Question #f23b2

Sep 23, 2014

Put simply, a force is something which changes the momentum of an object. The magnitude of a force is the rate of change of momentum caused.

This is shown by manipulation of the famous equation $F = m a$

$F = m a = m \frac{{v}_{f} - {v}_{i}}{t} = \frac{{p}_{f} - {p}_{i}}{t}$

Where $F$ is the force
$m$ is the mass of the object
$a$ is acceleration, which is the rate of change of velocity
${v}_{i}$ is the initial velocity of the object which the force acts upon
${v}_{f}$ is the object's final velocity
$t$ is time
$p$ is momentum, which is equal to $m \times v$

Extra info:
Of course, because force is the rate of change of momentum, it can be linked to an object whose mass changes while velocity remains constant.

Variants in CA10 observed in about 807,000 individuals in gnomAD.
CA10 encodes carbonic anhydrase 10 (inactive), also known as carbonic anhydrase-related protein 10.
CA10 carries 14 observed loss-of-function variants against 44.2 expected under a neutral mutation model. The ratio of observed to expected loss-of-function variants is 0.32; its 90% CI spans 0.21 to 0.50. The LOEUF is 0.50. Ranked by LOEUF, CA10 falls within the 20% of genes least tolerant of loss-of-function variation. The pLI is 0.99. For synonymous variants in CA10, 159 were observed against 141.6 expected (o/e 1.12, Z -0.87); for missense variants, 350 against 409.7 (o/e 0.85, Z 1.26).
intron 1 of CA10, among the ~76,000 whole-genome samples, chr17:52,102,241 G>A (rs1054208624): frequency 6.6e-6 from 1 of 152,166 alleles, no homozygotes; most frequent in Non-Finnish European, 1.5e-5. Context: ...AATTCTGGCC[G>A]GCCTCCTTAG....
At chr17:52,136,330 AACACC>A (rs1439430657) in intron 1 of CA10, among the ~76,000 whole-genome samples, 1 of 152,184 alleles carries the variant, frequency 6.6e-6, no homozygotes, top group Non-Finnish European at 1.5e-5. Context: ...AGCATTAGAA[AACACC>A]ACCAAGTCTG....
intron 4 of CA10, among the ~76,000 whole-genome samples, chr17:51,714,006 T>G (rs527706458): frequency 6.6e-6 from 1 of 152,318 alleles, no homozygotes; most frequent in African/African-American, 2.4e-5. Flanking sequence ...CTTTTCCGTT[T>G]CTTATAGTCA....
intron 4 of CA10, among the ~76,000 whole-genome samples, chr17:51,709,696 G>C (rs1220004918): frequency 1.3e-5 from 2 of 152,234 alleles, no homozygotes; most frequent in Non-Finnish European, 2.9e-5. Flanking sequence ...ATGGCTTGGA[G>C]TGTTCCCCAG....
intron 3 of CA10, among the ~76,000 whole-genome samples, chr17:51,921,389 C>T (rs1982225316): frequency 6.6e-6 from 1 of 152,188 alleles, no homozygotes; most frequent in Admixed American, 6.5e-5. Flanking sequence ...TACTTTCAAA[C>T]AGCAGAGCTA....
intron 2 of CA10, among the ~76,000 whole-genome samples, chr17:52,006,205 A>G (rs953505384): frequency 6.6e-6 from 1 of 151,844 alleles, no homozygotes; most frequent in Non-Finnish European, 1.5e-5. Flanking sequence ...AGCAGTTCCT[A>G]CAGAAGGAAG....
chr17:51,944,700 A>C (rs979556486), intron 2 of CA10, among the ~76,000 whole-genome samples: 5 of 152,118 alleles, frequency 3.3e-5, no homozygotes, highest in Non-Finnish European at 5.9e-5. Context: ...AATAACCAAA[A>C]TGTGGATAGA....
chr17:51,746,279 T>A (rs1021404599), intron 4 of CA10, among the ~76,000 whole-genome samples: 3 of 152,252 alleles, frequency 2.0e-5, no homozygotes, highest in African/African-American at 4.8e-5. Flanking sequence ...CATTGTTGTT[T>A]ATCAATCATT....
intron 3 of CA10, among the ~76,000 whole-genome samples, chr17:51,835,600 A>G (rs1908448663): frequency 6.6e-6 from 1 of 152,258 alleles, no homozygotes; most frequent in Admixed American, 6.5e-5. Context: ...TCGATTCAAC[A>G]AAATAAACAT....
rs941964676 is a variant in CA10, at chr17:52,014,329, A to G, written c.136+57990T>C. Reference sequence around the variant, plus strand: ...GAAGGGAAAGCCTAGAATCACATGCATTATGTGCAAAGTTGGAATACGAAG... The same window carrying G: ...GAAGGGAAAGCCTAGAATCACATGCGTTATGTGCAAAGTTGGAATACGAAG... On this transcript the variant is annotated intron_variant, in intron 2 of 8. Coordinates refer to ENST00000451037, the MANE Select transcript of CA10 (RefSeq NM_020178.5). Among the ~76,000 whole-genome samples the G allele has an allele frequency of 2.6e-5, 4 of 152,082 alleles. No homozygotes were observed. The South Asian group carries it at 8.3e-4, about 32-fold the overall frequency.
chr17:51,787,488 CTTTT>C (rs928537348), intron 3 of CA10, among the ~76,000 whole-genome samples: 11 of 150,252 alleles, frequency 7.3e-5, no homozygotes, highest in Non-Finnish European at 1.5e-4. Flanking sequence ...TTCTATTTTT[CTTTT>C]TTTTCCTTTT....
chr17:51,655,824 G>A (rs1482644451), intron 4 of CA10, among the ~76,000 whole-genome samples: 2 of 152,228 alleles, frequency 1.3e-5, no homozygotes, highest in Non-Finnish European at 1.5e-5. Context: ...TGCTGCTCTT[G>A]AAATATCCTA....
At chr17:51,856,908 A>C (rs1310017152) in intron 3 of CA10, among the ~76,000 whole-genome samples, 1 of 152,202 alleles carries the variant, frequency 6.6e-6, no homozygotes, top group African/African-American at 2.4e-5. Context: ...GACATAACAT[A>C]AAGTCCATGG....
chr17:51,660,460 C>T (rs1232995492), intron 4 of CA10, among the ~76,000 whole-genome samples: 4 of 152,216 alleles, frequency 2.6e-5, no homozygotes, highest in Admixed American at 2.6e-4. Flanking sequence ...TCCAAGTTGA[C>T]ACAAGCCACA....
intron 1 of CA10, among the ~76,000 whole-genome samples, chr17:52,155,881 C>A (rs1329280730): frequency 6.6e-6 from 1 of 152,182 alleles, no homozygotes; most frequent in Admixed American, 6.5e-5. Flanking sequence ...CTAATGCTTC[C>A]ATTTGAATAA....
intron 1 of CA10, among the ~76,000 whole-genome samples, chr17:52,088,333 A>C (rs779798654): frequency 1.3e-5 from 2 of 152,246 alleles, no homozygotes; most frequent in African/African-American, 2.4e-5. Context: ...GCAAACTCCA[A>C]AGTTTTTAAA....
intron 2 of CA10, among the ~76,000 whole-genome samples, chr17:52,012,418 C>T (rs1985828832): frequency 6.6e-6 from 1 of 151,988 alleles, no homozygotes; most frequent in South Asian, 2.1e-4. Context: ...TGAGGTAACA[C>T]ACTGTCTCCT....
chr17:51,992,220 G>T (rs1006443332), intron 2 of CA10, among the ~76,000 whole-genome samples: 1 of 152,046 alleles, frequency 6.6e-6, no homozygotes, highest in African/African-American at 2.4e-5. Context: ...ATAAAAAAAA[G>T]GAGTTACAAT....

$F = \frac{{p}_{f} - {p}_{i}}{t} = v \frac{{m}_{f} - {m}_{i}}{t}$

Where ${m}_{f}$ is final mass and ${m}_{i}$ is initial mass.

Force can also be related to an object whose mass and velocity change simultaneously, but those equations involve calculus, so I won't include those here.

Mar 28, 2015

In physics, a force is any interaction which tends to change the motion of an object. In other words, a force can cause an object with mass to change its velocity (which includes to begin moving from a state of rest), i.e., to accelerate. Force can also be described by intuitive concepts such as a push or a pull.